Platitudes like real estate must be a good investment because "they aren't making any more land," or healthcare must be a good sector to invest in "because boomers are aging" or Coca-Cola must be a good investment because "I personally know
Coke tastes better than Pepsi"... are worthless. The idea that "great" blue-chip companies are safe investments is wrong. What would you have said about GE in the late 1990s? Wouldn't you have said they were the safest investment in the world, a great company, globally diversified, and diversified in its businesses, thirty different business units, each one of the top three in its category, and widely view as one of the best managed companies in the world? If you can prove that you wrote down a note in 1999
saying "I think it would be foolish to invest in GE over the next decade," then I will acknowledge that you are an investing genius and I'll seriously consider buying some Kraft or Whole Foods stock.
From John C. Bogle, Clash of the Cultures
, 10 Rules of Investing:
#5. Forget the needle, buy the haystack. Buy the whole market and you can eliminate stock risk, style risk, and manager risk. Your odds of finding the next Apple (AAPL) are low.
From Larry Swedroe, The Quest for Alpha
, Rules for Prudent Investing:
#17. Owning individual stocks and sector funds is more akin to speculating, not investing. The market compensates investors for risks that cannot be diversified away, like the risk of investing in stocks versus bonds. Investors shouldn't expect compensation for diversifiable risk--the unique risks related to owning one stock, or sector, or country fund. Prudent investors only accept risk for which they are compensated with higher expected returns....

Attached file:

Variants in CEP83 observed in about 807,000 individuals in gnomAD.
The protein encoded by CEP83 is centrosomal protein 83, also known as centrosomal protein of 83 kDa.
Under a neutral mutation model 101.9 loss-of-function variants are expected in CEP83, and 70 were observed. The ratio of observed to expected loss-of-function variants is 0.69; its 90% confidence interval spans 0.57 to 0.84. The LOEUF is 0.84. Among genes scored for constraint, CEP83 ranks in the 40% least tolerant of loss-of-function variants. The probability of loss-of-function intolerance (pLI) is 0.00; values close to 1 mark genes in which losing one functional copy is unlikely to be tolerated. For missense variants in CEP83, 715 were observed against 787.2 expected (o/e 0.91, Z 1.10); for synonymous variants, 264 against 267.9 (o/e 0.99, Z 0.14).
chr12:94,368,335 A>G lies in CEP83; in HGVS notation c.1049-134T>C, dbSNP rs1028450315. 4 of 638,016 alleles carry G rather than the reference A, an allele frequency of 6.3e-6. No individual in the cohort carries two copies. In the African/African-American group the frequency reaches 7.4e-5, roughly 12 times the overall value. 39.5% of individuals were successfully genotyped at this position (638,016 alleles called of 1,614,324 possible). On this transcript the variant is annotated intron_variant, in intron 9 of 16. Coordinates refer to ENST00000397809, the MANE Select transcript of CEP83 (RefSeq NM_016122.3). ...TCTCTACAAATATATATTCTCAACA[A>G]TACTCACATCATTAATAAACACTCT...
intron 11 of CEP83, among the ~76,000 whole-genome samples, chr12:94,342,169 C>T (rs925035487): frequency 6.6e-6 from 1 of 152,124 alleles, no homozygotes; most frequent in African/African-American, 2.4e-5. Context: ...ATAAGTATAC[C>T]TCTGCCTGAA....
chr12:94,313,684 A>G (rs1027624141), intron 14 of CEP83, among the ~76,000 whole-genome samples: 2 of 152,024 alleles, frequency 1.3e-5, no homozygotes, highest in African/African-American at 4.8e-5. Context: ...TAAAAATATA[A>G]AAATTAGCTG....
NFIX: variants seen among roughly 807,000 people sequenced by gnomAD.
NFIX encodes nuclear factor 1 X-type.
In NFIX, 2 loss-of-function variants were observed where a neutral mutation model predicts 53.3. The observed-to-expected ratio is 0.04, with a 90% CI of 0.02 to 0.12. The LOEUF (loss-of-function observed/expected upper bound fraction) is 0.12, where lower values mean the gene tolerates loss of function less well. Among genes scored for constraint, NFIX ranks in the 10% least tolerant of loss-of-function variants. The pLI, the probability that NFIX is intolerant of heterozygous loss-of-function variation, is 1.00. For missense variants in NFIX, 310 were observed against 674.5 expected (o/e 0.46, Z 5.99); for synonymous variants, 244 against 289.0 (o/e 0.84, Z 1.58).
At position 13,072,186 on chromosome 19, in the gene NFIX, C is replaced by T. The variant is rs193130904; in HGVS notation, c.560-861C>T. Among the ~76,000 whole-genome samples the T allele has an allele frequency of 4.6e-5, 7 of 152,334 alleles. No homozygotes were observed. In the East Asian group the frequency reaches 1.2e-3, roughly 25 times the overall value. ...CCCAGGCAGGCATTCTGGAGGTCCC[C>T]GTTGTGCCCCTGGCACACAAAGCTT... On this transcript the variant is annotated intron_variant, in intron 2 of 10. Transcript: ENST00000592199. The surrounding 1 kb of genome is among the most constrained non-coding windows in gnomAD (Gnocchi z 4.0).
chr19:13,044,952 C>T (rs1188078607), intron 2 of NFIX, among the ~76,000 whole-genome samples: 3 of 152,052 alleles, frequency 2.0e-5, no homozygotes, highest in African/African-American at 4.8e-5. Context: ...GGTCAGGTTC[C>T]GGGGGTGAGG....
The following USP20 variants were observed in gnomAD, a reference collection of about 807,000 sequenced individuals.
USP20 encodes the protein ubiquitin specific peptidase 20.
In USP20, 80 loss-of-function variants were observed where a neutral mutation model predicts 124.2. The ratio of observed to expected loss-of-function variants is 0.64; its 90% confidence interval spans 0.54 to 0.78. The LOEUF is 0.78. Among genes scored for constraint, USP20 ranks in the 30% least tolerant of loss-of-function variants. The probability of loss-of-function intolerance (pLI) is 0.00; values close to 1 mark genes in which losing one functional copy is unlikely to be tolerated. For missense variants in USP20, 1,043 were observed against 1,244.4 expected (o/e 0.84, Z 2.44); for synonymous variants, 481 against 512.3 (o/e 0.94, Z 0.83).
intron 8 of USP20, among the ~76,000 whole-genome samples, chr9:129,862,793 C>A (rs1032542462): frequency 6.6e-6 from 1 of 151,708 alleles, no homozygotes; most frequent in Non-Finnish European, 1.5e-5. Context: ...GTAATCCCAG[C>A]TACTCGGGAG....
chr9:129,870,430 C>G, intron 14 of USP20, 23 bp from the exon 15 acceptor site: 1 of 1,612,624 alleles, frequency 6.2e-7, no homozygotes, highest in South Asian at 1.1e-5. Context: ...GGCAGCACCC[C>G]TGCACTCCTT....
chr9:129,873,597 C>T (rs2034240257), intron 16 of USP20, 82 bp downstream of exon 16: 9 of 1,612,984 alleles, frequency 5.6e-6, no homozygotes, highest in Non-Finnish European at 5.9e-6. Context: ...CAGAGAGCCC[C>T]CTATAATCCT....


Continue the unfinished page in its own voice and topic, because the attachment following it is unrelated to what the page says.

#19. Before acting on seemingly valuable information, ask yourself why you believe that information is not already incorporated into prices. Only incremental insight has value. Capturing incremental insight is difficult because there are so many smart, highly motiivated analysts doing the same research. If you hear recommendations on CNBC or from your broker or read them in Barron's, the market already knows the information it is based on. It has no value.
From William J. Bernstein, The 15-Stock Diversification Myth
So, yes, Virginia, you can eliminate nonsytematic portfolio risk, as defined by Modern Portfolio Theory, with a relatively few stocks. It’s just that nonsystematic risk is only a small part of the puzzle. Fifteen stocks is not enough. Thirty is not enough. Even 200 is not enough. The only way to truly minimize the risks of stock ownership is by owning the whole market.
Annual income twenty pounds, annual expenditure nineteen nineteen and six, result happiness; Annual income twenty pounds, annual expenditure twenty pounds ought and six, result misery.